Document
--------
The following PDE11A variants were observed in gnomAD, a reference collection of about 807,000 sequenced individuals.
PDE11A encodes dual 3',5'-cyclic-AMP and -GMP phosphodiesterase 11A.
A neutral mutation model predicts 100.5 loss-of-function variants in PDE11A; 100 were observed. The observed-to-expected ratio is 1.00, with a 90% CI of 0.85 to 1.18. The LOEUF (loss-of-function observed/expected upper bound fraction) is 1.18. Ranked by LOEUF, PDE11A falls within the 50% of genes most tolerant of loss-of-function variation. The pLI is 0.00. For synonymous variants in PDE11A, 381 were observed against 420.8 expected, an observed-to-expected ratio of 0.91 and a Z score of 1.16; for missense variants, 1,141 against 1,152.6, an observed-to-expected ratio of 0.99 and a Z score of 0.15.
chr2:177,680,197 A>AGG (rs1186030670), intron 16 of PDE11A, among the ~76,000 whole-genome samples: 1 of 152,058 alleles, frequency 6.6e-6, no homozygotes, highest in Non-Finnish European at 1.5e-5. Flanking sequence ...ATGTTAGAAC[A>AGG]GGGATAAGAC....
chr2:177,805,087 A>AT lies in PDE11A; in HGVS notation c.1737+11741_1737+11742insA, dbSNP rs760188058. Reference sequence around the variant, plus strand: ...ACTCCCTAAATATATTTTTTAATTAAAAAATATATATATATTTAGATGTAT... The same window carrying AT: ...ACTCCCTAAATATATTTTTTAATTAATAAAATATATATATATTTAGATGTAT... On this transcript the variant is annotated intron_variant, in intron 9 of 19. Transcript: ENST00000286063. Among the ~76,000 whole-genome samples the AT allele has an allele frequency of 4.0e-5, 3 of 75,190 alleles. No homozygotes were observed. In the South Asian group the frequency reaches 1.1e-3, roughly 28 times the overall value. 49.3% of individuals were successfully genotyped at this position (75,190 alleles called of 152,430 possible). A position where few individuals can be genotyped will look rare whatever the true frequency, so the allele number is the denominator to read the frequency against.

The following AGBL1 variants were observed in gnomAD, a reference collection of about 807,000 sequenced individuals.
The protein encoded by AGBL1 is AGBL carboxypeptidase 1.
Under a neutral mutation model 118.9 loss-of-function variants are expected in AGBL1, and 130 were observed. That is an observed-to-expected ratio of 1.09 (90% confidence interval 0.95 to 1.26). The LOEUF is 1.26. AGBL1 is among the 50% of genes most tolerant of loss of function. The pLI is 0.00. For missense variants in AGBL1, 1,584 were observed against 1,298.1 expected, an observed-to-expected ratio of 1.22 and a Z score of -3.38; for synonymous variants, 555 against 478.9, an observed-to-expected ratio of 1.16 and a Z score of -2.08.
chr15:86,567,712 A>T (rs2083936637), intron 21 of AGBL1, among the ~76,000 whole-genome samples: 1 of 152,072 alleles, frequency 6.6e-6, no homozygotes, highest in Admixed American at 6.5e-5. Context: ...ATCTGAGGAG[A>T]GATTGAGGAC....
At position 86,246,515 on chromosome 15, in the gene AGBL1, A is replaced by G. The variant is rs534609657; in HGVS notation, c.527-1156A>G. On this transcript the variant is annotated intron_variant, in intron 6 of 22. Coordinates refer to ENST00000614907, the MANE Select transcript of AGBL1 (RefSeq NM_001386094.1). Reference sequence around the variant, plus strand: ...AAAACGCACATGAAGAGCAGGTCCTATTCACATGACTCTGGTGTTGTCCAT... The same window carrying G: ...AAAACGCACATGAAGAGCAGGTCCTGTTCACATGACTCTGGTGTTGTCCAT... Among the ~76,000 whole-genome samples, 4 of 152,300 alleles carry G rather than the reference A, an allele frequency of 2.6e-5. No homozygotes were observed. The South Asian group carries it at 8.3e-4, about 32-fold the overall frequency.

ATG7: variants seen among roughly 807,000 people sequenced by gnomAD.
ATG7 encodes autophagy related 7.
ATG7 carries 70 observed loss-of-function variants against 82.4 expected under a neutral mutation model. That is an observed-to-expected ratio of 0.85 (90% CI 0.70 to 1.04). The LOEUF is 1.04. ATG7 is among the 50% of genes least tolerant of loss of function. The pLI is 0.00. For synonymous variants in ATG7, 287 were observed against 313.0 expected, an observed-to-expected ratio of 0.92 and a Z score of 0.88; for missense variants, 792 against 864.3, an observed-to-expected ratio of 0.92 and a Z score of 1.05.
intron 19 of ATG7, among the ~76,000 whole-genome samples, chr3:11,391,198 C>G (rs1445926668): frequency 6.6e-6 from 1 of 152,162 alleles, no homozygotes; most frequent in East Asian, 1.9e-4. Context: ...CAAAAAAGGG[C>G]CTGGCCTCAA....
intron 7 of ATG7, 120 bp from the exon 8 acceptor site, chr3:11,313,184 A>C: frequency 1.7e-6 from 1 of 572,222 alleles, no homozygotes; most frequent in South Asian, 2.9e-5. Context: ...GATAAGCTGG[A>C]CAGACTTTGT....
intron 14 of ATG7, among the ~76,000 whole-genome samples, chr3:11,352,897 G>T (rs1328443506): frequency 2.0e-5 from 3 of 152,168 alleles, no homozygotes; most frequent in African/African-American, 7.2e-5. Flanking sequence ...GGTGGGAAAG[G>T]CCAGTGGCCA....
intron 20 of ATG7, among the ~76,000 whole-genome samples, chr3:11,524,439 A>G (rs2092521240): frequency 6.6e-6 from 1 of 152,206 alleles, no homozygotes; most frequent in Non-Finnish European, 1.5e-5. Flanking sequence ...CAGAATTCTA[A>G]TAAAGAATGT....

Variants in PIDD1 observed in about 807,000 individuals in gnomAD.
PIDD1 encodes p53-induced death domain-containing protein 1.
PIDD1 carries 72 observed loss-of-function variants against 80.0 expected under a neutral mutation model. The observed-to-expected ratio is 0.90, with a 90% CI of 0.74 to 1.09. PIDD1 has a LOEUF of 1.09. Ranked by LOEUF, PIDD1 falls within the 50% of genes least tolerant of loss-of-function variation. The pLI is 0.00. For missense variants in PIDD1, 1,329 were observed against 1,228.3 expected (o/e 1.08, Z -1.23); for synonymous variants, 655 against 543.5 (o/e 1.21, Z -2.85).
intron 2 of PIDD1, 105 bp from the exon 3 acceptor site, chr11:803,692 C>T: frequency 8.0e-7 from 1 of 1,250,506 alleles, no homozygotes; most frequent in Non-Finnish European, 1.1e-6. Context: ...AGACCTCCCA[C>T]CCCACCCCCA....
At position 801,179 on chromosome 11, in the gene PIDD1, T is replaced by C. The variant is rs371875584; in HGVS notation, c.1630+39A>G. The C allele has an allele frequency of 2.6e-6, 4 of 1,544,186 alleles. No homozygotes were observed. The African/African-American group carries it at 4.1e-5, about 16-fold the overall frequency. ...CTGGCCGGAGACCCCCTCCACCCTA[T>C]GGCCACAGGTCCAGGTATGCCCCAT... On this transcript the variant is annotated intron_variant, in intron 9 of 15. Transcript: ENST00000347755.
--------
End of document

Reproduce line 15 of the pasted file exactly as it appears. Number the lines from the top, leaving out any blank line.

intron 7 of ATG7, 120 bp from the exon 8 acceptor site, chr3:11,313,184 A>C: frequency 1.7e-6 from 1 of 572,222 alleles, no homozygotes; most frequent in South Asian, 2.9e-5. Context: ...GATAAGCTGG[A>C]CAGACTTTGT....